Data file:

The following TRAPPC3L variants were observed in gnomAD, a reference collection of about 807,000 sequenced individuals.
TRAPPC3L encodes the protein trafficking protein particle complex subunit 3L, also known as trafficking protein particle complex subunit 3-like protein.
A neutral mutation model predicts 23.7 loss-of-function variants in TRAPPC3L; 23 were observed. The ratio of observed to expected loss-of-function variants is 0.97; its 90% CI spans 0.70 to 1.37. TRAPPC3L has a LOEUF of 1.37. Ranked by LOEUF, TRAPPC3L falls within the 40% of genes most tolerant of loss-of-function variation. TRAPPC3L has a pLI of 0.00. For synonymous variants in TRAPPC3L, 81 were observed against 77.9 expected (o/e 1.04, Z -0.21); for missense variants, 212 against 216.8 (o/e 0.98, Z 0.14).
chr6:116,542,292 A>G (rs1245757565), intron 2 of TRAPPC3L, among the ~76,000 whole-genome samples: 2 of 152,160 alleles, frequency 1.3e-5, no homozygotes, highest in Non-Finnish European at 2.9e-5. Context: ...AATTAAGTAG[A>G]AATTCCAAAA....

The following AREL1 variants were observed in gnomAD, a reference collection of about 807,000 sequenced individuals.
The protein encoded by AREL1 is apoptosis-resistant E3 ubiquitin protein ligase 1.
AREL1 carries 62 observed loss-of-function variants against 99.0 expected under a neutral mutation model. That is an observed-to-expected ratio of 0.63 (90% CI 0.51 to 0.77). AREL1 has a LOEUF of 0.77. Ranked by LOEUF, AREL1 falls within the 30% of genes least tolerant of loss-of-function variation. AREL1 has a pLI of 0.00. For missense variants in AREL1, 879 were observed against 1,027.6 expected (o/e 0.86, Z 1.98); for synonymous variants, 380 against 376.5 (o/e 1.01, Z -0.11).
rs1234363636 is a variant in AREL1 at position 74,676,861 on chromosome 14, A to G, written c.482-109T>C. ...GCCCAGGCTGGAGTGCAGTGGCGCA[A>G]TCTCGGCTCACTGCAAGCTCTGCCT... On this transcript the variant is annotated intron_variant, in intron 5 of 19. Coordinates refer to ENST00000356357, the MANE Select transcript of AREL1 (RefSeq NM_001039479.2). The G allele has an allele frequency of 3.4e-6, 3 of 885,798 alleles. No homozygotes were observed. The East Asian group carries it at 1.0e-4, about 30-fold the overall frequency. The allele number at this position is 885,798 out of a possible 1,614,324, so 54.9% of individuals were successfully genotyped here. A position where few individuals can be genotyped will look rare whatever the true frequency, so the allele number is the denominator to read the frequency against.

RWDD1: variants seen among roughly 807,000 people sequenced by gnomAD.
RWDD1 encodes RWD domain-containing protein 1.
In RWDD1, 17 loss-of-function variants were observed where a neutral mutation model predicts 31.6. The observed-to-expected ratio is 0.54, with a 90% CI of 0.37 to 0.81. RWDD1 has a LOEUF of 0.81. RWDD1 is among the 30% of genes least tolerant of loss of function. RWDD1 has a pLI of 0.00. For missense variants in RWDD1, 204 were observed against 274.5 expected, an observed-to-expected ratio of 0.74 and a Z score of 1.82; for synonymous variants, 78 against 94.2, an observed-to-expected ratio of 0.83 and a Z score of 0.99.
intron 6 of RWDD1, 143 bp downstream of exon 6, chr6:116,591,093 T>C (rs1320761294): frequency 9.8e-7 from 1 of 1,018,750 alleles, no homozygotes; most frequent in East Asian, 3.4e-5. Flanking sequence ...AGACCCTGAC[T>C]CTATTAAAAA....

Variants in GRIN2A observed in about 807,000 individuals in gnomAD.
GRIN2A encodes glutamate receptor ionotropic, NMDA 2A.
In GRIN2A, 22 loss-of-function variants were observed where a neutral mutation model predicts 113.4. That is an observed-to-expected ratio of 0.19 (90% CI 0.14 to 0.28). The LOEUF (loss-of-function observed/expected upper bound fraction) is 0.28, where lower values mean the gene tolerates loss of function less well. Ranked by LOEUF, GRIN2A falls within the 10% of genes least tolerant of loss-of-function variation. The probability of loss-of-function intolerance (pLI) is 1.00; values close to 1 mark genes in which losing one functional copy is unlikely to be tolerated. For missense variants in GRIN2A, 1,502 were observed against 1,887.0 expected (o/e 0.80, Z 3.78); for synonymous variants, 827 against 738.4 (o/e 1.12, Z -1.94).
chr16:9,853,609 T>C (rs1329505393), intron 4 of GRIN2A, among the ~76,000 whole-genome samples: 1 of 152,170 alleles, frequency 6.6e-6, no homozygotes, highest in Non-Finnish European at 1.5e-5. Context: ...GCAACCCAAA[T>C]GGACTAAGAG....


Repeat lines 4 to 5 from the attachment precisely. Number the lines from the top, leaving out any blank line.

chr6:116,542,292 A>G (rs1245757565), intron 2 of TRAPPC3L, among the ~76,000 whole-genome samples: 2 of 152,160 alleles, frequency 1.3e-5, no homozygotes, highest in Non-Finnish European at 2.9e-5. Context: ...AATTAAGTAG[A>G]AATTCCAAAA....

The following AREL1 variants were observed in gnomAD, a reference collection of about 807,000 sequenced individuals.